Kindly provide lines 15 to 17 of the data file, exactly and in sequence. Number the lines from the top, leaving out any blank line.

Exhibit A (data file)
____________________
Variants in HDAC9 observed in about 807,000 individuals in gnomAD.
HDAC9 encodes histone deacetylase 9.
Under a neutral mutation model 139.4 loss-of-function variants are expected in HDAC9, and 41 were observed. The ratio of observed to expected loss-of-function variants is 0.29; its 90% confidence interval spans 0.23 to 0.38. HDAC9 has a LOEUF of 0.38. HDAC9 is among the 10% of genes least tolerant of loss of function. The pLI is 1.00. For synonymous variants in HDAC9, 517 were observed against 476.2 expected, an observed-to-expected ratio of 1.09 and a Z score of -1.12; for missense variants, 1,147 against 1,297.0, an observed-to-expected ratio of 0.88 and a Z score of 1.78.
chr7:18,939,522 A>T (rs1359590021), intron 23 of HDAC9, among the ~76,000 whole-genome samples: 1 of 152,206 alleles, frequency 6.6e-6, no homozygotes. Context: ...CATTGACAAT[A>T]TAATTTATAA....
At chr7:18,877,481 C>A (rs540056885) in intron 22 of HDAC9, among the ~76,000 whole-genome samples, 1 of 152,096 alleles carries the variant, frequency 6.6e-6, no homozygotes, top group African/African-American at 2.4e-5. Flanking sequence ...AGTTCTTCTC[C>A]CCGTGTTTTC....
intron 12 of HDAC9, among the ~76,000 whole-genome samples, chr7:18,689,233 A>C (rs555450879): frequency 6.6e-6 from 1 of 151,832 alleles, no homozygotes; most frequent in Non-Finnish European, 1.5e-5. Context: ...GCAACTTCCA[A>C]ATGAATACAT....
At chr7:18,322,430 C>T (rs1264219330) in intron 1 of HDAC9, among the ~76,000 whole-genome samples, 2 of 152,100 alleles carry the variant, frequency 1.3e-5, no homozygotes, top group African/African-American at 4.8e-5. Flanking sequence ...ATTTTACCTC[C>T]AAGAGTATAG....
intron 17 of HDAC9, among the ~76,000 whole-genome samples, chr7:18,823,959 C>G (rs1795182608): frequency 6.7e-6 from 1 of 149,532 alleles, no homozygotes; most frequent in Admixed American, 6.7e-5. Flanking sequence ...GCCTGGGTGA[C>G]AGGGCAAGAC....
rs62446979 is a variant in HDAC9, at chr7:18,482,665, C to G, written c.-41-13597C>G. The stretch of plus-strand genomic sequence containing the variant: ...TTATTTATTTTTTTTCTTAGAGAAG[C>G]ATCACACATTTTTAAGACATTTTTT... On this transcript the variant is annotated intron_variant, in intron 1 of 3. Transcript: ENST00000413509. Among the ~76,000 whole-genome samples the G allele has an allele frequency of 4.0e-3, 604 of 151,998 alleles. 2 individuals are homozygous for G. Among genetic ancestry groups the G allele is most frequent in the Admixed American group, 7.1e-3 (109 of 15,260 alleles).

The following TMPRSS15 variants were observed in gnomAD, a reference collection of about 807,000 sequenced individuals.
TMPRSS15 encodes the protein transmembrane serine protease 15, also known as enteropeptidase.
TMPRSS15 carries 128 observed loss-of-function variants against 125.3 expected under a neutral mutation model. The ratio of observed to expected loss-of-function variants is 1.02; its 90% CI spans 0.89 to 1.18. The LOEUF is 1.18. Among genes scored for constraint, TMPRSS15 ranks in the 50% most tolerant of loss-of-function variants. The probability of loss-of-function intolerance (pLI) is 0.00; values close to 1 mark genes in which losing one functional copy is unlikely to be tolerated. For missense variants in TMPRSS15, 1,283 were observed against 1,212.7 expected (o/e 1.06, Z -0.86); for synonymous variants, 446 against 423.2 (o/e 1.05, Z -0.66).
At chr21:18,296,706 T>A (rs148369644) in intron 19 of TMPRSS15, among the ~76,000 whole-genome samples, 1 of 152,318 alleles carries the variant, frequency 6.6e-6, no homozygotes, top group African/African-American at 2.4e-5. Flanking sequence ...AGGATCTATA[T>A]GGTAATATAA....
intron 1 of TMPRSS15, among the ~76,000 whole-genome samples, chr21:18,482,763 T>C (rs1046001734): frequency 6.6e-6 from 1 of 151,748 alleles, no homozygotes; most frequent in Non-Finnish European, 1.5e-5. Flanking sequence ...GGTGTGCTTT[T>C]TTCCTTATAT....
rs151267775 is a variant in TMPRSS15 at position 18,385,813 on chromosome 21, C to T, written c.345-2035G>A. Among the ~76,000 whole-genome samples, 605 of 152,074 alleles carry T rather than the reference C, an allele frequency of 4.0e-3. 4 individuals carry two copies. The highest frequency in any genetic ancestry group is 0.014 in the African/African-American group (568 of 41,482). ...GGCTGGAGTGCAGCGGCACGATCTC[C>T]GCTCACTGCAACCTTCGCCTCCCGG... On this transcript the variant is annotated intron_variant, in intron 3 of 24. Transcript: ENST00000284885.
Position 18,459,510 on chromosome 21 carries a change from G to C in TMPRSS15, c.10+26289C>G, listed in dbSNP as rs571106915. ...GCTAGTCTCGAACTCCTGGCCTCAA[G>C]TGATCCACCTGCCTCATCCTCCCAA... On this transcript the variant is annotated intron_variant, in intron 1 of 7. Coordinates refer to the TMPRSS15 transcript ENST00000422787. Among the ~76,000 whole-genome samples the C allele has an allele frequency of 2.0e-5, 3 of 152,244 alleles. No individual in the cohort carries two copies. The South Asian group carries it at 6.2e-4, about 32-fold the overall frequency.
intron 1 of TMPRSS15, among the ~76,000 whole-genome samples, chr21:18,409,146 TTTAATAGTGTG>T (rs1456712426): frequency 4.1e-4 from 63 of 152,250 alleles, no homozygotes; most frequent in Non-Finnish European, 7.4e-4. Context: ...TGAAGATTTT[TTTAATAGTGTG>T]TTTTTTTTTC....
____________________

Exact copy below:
rs151267775 is a variant in TMPRSS15 at position 18,385,813 on chromosome 21, C to T, written c.345-2035G>A. Among the ~76,000 whole-genome samples, 605 of 152,074 alleles carry T rather than the reference C, an allele frequency of 4.0e-3. 4 individuals carry two copies. The highest frequency in any genetic ancestry group is 0.014 in the African/African-American group (568 of 41,482). ...GGCTGGAGTGCAGCGGCACGATCTC[C>T]GCTCACTGCAACCTTCGCCTCCCGG... On this transcript the variant is annotated intron_variant, in intron 3 of 24. Transcript: ENST00000284885.
Position 18,459,510 on chromosome 21 carries a change from G to C in TMPRSS15, c.10+26289C>G, listed in dbSNP as rs571106915. ...GCTAGTCTCGAACTCCTGGCCTCAA[G>C]TGATCCACCTGCCTCATCCTCCCAA... On this transcript the variant is annotated intron_variant, in intron 1 of 7. Coordinates refer to the TMPRSS15 transcript ENST00000422787. Among the ~76,000 whole-genome samples the C allele has an allele frequency of 2.0e-5, 3 of 152,244 alleles. No individual in the cohort carries two copies. The South Asian group carries it at 6.2e-4, about 32-fold the overall frequency.
intron 1 of TMPRSS15, among the ~76,000 whole-genome samples, chr21:18,409,146 TTTAATAGTGTG>T (rs1456712426): frequency 4.1e-4 from 63 of 152,250 alleles, no homozygotes; most frequent in Non-Finnish European, 7.4e-4. Context: ...TGAAGATTTT[TTTAATAGTGTG>T]TTTTTTTTTC....